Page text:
Giambologna (1529-1608) Venus Urania, detail, 1573 Gilt-bronze © Skulpturensammlung und Museum für Byzantinische Kunst der Staatlichen Museen zu Berlin / Jörg P. Anders
Tyrol Saint Lucy (Detail of the Zams Retable), ca. 1485 Conifer wood, original polychromy © Skulpturensammlung und Museum für Byzantinische Kunst der Staatlichen Museen zu Berlin / Reinhard Saczewski
Bavaria, Saint George, ca. 1520, detail, Limewood and original polychomy © Skulpturensammlung und Museum für Byzantinische Kunst der Staatlichen Museen zu Berlin / Klaus Leukers
Osnabrück Saint Kümmernis, ca. 1520 Oak and polychromy © Skulpturensammlung und Museum für Byzantinische Kunst der Staatlichen Museen zu Berlin / Antje Voigt
The fifth path introduces both historical characters and interpretations of gender reassignment and gender ambiguity.
Gender reassignment and gender ambiguity play an important role within the Bode-Museum’s collection. Both Christian and mythological works of art show how the representation of all forms of love was a recurrent concern throughout human history.
In the tales about ancient Gods that make up Greek mythology, Aphrodite was bestowed with a double personality of two different origins: Aphrodite Pandemos, which embodied the love of sensual pleasures and was daughter of Zeus (king of all gods) and Dione; and Aphrodite Urania, personifying the love of body and soul. The latter was conceived from the “foam” produced when the severed genitals of the god Uranus were thrown into the sea. Despite the distinction, both Aphrodites were regarded as equals. The fact that Aphrodite Urania came into being from a single sex, without any assistance from a woman, was picked up on by Karl Heinrich Ulrichs (1825–1895), a pioneer of gay rights.
There is a long tradition of considering the female body to be impure and sinful. However major early Christian authors such as Augustine (354–430) and Jerome (347–420) proposed a way that women could attain at least some kind of allegorical status of masculinity through spiritual fortitude and their renunciation of their femininity. The canonisation of Christian women was tantamount to the transformation and effacement of their bodies; it essentially nullified their gender and made them in a certain sense into “non-women” or “almost-men”.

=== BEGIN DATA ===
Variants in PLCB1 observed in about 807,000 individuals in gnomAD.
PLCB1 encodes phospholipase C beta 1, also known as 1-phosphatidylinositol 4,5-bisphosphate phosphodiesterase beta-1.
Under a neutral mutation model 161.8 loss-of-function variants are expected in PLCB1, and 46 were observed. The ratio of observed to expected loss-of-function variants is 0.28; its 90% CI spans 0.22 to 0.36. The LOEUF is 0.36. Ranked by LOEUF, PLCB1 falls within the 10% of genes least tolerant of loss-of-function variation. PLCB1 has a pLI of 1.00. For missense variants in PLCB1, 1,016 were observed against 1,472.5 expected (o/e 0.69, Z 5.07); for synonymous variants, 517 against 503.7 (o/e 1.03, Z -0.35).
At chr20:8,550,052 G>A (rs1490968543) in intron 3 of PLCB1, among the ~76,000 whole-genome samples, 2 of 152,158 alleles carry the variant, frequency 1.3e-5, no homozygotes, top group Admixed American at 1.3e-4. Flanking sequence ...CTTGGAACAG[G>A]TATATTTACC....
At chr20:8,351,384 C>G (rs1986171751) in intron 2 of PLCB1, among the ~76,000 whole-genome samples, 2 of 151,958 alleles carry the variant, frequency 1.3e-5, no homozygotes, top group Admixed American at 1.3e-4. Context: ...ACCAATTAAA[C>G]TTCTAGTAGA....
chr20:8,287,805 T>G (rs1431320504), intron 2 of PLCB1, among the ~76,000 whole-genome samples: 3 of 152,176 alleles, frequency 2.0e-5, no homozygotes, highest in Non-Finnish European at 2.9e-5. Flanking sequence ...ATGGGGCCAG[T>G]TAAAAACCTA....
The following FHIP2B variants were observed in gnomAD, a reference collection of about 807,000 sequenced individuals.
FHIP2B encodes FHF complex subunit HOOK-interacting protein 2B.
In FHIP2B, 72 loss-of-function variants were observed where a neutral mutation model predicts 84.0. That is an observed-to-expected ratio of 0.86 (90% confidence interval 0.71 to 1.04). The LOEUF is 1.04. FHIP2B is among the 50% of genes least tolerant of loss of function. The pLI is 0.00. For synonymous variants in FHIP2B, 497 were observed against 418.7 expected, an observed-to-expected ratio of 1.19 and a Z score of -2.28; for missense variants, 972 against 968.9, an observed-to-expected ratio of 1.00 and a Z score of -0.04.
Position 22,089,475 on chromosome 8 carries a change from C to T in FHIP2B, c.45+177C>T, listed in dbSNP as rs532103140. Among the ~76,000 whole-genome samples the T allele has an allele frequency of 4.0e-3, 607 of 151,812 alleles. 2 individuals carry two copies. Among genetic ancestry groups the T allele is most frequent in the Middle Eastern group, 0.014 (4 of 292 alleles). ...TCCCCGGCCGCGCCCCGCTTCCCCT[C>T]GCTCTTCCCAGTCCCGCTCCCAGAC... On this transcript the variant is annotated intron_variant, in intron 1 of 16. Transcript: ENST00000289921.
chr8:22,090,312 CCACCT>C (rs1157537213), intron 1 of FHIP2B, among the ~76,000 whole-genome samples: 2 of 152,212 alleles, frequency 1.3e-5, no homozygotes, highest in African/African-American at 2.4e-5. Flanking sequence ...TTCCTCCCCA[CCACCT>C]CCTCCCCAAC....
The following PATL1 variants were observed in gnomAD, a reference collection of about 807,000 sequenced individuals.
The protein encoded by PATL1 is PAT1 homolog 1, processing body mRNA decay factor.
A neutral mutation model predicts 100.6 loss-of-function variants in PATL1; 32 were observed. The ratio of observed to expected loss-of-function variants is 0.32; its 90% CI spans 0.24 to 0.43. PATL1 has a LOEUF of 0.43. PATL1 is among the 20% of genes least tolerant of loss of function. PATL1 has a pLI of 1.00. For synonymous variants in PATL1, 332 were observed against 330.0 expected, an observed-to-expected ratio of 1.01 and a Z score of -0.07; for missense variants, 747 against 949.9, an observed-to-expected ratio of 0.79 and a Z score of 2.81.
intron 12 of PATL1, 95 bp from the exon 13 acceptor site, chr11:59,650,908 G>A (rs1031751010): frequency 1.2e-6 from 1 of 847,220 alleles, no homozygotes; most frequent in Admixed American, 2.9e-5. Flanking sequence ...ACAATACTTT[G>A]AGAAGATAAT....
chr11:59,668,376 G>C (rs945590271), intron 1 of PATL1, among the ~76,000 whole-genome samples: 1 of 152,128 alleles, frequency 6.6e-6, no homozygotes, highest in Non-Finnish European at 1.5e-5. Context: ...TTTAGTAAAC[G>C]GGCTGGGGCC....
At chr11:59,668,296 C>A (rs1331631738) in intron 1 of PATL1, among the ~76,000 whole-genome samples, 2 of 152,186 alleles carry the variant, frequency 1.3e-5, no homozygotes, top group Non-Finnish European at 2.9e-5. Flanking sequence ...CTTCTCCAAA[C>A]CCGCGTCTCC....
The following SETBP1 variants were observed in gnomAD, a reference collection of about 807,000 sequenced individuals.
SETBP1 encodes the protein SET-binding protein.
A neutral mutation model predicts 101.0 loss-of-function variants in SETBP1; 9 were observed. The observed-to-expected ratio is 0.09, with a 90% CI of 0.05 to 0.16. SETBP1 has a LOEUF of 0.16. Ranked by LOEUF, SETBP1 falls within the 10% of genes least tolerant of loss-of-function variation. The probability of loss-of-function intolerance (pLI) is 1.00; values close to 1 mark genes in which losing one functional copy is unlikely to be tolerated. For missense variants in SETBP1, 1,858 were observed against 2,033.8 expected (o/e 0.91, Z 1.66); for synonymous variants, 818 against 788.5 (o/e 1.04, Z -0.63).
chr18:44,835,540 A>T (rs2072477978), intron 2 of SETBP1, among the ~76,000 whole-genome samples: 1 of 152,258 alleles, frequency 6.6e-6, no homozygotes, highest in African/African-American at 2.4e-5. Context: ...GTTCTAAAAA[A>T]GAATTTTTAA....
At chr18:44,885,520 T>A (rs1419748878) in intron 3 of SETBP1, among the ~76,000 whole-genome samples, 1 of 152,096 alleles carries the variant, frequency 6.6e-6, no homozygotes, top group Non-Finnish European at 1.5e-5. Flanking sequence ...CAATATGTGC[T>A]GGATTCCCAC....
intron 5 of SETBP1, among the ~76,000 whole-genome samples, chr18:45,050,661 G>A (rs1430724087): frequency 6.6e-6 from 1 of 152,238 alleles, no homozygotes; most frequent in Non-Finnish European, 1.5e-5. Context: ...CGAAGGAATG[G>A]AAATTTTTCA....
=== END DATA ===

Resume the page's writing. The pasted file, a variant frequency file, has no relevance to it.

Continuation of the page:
This was the case with Saint Wilgefortis (depending on the region and language, she corresponds to the saints Kümmernis, Uncumber, Liberata or Librada.) According to the narrative of Saint Wilgefortis, she wanted to remain a virgin and lead a Christian life. In order to avoid a forced marriage with a “hero”, she asked God for help, and he made a beard grow on her face (the example in the Bode-Museum, however, shows her without beard). As a result, not only did her fiancé break off their engagement, Wilgefortis was also sentenced to death by crucifixion – a martyrdom that was generally reserved for men.
The question of how Saint George, Aphrodite, Lucy or Saint Wilgefortis would have defined themselves in terms of gender cannot be answered. Nor is it possible to know whether they wanted to or were would have identified with the conventional definitions of men and women. Their stories and the works of art based on them, however, point to an ancestral human need to reflect the absence of gender boundaries: in other words, the need to represent a reality that had little to do with Western social conventions.